1. What is the sample size? – Political polls in particular are attempting to gauge what an entire country of over 200 million registered voters think about an election.  A sample size needs to be 385 to be representative of a population of 200 million.  But oftentimes you see polls with around 1,000 respondents.  Oversampling allows researchers to make cuts in the data (say, what women think , or what what African Americans think) and still maintain a comfortable confidence level in the results.

2. How was the sample collected? – Polls on the internet, or ones that are done on media websites, aren’t too trustworthy.  They attract a particular group of respondents, thus skewing the results one way or another.  Scientific research maintains that a sample must be collected randomly in order for those results to be Representative in a population.  In other words, each person selected for a political poll, for instance, must have an equal chance to be selected as any other person in the population.

3.  Understand the context of poll/research – When the poll was taken is crucial in understanding what it is telling us.  For instance, there was a lot of polling done after each one of the presidential debates.  Not only did researchers ask who won the debate, but they also asked who those being polled were going to vote for.  After the first debate (which we could argue went in Romney’s favor), most polls showed the lead Obama had going into the debate had vanished.  Several polls showed Romney with a sizable lead.  But was this a statistical push due to the recent debate and the emotion surrounding it? Or was this increase real?

Recent polls show a leveling between the two candidates now that the debates are over, and a more objective look at the candidates can be achieved.  However, it is nearly impossible to eliminate emotion in responses, especially in a context as controversial a politics.

4. Interpreting Results – Interpretation ties in nicely with understanding the context of the research that you are viewing.  But there is a task for each of us as we interpret, and that is to leave behind our preconceived notions about the results.  This is very hard to do, as it is a natural human instinct to believe what justifies our own reasoning.  This is know as Confirmation Bias, and it can impact the way we accept or discount the research.

Taking all this into account can help us to sift through the commotion and find the value of the research being produced.  This isn’t just for political polling, but can be used for all research that you encounter.  Being good consumers of research can take a lot of effort, but it is the only way to gain a more realistic view of the world around you.

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5 Things Your Retail Customers Want You to Know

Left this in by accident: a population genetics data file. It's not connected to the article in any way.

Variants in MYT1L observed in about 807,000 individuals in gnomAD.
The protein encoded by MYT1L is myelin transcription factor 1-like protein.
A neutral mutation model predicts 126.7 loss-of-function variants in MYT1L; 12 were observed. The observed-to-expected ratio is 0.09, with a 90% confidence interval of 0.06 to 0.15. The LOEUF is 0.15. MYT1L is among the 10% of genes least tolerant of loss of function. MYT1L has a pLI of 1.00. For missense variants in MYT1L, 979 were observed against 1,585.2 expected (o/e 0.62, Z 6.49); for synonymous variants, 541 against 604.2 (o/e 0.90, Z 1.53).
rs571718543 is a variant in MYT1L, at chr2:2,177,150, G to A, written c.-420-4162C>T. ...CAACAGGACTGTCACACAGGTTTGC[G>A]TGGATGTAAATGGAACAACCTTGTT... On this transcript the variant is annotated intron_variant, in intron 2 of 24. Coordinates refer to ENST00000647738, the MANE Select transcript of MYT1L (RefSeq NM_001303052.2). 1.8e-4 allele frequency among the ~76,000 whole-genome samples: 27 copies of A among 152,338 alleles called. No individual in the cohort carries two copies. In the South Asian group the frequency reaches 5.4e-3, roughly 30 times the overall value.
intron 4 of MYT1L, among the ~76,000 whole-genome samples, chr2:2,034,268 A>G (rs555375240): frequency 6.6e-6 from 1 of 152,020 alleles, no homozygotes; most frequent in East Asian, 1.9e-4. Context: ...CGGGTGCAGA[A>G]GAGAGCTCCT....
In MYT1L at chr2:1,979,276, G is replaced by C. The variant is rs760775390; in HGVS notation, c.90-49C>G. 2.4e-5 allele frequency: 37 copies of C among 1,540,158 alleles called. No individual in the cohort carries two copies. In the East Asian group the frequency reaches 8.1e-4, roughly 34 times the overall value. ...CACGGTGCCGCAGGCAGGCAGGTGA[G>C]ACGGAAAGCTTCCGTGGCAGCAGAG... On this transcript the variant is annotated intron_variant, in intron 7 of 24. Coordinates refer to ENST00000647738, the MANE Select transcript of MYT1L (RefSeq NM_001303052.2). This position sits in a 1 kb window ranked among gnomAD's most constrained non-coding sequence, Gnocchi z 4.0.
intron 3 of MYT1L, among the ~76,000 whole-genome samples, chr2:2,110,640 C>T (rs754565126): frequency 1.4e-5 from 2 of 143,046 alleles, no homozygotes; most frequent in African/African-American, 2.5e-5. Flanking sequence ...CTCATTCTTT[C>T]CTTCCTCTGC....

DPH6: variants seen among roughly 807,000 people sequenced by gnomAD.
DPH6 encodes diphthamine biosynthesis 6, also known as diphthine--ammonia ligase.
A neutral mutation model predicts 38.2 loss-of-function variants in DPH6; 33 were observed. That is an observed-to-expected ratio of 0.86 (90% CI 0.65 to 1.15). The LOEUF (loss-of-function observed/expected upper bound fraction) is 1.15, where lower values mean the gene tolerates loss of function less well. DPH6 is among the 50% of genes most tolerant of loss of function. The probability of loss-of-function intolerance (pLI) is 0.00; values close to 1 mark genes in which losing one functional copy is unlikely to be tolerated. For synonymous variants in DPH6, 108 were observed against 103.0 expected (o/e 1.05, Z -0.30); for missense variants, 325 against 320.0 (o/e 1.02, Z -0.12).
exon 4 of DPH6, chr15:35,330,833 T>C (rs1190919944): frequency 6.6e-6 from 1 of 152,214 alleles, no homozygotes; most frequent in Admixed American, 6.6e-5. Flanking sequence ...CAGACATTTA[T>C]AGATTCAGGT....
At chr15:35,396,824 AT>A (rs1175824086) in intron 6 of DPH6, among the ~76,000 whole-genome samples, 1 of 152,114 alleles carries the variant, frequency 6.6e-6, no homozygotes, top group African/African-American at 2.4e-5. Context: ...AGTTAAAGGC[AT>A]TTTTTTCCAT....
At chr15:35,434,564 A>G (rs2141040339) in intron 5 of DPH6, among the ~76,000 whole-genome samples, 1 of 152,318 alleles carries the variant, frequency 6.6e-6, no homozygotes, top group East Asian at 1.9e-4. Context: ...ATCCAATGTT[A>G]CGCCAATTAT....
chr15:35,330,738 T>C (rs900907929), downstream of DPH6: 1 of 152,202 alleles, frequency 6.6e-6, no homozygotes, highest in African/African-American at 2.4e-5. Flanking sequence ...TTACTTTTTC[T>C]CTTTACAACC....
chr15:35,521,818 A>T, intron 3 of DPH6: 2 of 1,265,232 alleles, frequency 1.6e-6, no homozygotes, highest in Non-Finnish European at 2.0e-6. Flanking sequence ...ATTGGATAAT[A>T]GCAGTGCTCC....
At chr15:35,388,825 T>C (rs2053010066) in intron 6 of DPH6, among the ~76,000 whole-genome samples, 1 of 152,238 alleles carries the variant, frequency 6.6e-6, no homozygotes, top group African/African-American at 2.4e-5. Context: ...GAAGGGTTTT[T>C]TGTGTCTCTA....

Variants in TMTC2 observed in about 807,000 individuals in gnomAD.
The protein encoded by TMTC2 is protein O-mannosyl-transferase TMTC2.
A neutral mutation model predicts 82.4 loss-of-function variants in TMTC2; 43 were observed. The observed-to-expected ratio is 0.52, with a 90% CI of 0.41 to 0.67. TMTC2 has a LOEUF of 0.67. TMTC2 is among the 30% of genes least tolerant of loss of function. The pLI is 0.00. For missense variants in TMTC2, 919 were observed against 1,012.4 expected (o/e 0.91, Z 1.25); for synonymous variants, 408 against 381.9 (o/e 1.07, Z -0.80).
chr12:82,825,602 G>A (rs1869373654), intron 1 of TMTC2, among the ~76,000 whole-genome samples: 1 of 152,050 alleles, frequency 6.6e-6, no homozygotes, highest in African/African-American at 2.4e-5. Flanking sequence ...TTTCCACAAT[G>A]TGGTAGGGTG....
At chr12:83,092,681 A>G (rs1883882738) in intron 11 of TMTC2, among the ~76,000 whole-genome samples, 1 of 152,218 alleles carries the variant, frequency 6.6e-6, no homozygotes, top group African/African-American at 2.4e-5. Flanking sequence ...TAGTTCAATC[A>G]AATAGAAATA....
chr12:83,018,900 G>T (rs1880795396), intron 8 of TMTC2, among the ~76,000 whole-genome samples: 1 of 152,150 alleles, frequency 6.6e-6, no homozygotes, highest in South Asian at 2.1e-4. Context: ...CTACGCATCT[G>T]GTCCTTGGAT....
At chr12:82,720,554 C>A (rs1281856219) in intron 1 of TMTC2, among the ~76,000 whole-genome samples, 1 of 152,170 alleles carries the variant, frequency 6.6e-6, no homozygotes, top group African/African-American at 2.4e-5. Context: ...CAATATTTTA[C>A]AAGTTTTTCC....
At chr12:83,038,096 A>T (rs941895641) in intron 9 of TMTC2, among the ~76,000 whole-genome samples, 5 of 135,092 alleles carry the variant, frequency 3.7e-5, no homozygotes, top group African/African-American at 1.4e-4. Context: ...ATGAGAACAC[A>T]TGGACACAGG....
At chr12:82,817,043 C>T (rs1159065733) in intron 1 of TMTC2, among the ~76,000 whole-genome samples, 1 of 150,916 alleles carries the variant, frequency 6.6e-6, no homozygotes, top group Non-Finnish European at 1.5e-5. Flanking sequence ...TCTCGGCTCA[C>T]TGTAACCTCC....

Date: May 17, 2012 | Shawn Herbig | News | Comments Off on 5 Things Your Retail Customers Want You to Know

Whether you own a restaurant, a retail store, or even just a gas station, your customers have certain expectations about you and what they want from you. Based on the research we have done for our retail customers, these are five common expectations that most customers share.

"Scan It" self-checkout kiosk at Gia...

  • It’s about the experience, not just the product. In this day and age, you can buy just about anything, sometimes even cheaper, on the Internet. But part of the reason people go to stores particularly local stores and specialty stores is to have the shopping experience. They want it to be clean, well-lit, and pleasant. If you can enhance the experience and give the customer a great feeling as they walk back out the door, your chances of return business grow exponentially.
  • Make it easy to buy. This isn’t limited to “we take Visa, MC, and American Express” it includes everything that touches the customer. From parking, getting in the door, shopping hours, and in-store organization, it has to be easy to fit an interaction with you into their lives. The hassle factor is a huge and it will keep customers out of your store.
  • There are many other options out there. Customers come to you for a reason. If the customer is in your door, they’ve already made at least a partial decision to shop with you. They could have gone somewhere else but chose your store instead. Welcome them and make them feel wanted. If you have a niche shop, then your expertise is valuable and will make customers want to come to you, not just because of products or price, but for the transfer of knowledge and help. But you have to make the experience enjoyable for the customer to learn. See our first point above.
  • Everything in the retail experience counts. If you own a retail store, and have the best and widest selection available. But a lot of your product are kept in the back of the store, the staff is subpar or unfriendly, customers have to navigate though messy aisles, then it will hamper customers’ motivation to come to you, no matter how good your selection is.
  • Customers are not alike. If you own a music shop you need to know that all musicians aren’t the same…a drummer is a different personality than a clarinet player, the rocker is different from the jazz musician. The customers know their own differentiating factors, and if you can learn those differences and adapt and cater to various types of customers, providing them a customized shopping based on their needs, you’ll certainly certainly be one step ahead of your competition..

Understand and follow these five basic customer expectations and you are well on the way to creating a loyal shopping experience where your customers will want to return again and again, and bring their friends.